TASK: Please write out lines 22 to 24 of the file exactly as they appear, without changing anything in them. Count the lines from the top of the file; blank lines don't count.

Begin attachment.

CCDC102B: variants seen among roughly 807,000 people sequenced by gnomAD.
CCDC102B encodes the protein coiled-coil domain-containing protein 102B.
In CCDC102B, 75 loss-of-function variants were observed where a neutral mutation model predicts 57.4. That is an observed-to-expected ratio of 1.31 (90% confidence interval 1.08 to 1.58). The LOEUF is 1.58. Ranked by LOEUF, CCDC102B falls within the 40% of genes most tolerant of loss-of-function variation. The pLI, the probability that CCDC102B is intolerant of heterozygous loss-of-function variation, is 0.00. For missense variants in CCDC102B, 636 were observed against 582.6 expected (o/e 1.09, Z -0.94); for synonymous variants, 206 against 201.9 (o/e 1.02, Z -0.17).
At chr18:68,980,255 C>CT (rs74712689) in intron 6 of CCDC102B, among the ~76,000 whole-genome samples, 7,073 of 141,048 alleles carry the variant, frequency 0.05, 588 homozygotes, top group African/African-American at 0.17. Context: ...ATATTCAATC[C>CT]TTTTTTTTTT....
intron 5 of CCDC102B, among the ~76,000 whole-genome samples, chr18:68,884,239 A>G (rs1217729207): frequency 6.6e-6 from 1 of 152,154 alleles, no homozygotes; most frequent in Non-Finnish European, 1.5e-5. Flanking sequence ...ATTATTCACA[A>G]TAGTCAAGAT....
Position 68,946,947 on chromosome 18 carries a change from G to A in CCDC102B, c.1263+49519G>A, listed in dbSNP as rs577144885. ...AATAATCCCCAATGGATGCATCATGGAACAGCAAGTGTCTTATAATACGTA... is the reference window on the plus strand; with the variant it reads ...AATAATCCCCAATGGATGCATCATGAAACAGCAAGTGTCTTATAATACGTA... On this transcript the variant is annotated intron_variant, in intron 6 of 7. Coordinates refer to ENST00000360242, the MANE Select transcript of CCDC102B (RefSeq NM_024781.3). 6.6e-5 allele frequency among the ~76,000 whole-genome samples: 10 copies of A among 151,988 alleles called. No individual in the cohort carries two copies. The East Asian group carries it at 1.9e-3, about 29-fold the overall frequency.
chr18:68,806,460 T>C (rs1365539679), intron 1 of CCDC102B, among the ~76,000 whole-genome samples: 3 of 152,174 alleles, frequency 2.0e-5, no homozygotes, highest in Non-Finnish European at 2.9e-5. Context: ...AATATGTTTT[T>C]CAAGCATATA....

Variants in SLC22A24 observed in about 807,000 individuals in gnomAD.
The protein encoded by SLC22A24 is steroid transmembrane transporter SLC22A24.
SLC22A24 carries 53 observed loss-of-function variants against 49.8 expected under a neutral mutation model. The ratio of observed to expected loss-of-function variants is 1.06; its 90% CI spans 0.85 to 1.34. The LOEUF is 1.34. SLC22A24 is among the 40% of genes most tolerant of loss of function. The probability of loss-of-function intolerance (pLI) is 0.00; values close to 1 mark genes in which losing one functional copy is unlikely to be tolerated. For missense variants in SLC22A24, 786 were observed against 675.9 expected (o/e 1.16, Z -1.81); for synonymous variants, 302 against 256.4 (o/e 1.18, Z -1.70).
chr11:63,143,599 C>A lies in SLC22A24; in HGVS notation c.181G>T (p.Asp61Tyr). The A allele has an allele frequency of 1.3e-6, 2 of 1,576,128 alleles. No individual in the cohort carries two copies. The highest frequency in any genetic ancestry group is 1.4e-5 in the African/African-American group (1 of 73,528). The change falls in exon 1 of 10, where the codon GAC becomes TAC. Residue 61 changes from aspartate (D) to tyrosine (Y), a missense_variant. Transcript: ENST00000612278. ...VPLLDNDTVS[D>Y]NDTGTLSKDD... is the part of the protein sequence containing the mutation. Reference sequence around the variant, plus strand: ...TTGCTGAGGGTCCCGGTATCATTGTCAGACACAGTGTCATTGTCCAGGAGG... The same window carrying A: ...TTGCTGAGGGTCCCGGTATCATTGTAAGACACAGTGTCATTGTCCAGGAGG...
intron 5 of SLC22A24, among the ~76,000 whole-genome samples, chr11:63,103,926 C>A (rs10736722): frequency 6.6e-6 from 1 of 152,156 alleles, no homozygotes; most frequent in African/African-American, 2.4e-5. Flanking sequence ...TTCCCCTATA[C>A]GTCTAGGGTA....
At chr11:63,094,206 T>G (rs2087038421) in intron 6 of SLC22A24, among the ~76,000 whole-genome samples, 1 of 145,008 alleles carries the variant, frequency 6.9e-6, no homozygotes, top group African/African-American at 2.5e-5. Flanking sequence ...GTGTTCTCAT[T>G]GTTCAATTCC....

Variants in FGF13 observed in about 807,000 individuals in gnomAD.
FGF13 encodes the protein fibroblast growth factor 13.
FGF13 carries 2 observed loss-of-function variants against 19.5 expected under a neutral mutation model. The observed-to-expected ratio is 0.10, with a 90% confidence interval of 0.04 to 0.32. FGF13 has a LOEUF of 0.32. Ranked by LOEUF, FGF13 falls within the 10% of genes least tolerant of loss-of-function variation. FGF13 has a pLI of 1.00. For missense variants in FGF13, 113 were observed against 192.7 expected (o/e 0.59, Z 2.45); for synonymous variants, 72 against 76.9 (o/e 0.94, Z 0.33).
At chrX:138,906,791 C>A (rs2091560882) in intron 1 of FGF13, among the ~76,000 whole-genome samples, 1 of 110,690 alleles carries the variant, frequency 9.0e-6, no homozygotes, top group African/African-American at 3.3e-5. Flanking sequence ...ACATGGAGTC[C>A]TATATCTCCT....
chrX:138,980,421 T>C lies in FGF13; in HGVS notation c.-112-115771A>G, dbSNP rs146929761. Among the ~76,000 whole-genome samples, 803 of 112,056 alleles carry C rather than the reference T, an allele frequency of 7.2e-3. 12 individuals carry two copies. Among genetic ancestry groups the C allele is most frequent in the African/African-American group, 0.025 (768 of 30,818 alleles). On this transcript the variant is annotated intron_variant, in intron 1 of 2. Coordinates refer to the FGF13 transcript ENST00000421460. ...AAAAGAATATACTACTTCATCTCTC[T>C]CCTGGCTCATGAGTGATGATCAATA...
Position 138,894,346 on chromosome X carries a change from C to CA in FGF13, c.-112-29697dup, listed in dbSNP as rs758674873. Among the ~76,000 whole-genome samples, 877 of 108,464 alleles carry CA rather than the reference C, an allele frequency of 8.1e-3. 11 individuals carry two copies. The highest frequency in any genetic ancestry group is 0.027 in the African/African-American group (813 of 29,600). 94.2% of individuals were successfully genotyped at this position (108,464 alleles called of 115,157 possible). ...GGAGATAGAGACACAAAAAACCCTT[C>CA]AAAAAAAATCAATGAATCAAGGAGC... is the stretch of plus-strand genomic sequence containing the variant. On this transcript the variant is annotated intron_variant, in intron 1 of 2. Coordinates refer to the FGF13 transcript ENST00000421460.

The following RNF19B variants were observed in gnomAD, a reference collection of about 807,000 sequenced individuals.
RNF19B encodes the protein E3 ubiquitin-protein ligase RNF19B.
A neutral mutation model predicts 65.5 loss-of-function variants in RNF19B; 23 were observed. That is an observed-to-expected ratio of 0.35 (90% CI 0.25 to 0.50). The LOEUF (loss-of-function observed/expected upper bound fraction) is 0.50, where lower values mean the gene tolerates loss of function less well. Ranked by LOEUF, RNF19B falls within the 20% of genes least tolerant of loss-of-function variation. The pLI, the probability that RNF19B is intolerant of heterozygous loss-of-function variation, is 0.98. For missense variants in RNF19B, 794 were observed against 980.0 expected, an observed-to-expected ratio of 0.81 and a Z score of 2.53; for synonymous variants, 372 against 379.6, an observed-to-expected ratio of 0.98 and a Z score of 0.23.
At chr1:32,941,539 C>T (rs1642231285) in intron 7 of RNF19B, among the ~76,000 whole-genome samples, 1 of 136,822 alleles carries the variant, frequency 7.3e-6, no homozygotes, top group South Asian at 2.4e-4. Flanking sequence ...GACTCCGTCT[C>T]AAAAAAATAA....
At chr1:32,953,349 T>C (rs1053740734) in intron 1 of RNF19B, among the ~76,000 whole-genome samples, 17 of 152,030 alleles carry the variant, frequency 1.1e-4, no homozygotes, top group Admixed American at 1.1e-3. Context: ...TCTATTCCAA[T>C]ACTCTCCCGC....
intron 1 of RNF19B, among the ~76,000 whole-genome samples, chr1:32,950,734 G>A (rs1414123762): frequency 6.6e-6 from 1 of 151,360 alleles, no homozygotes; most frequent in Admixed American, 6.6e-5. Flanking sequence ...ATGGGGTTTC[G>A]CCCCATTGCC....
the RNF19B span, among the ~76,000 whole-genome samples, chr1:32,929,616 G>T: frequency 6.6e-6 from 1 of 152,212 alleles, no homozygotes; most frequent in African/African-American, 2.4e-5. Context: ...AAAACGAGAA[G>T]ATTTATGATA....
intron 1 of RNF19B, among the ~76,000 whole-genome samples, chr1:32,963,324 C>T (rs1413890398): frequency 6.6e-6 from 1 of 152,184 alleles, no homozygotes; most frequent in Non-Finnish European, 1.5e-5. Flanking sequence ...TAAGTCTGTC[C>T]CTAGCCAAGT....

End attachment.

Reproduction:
A neutral mutation model predicts 65.5 loss-of-function variants in RNF19B; 23 were observed. That is an observed-to-expected ratio of 0.35 (90% CI 0.25 to 0.50). The LOEUF (loss-of-function observed/expected upper bound fraction) is 0.50, where lower values mean the gene tolerates loss of function less well. Ranked by LOEUF, RNF19B falls within the 20% of genes least tolerant of loss-of-function variation. The pLI, the probability that RNF19B is intolerant of heterozygous loss-of-function variation, is 0.98. For missense variants in RNF19B, 794 were observed against 980.0 expected, an observed-to-expected ratio of 0.81 and a Z score of 2.53; for synonymous variants, 372 against 379.6, an observed-to-expected ratio of 0.98 and a Z score of 0.23.
At chr1:32,941,539 C>T (rs1642231285) in intron 7 of RNF19B, among the ~76,000 whole-genome samples, 1 of 136,822 alleles carries the variant, frequency 7.3e-6, no homozygotes, top group South Asian at 2.4e-4. Flanking sequence ...GACTCCGTCT[C>T]AAAAAAATAA....
At chr1:32,953,349 T>C (rs1053740734) in intron 1 of RNF19B, among the ~76,000 whole-genome samples, 17 of 152,030 alleles carry the variant, frequency 1.1e-4, no homozygotes, top group Admixed American at 1.1e-3. Context: ...TCTATTCCAA[T>C]ACTCTCCCGC....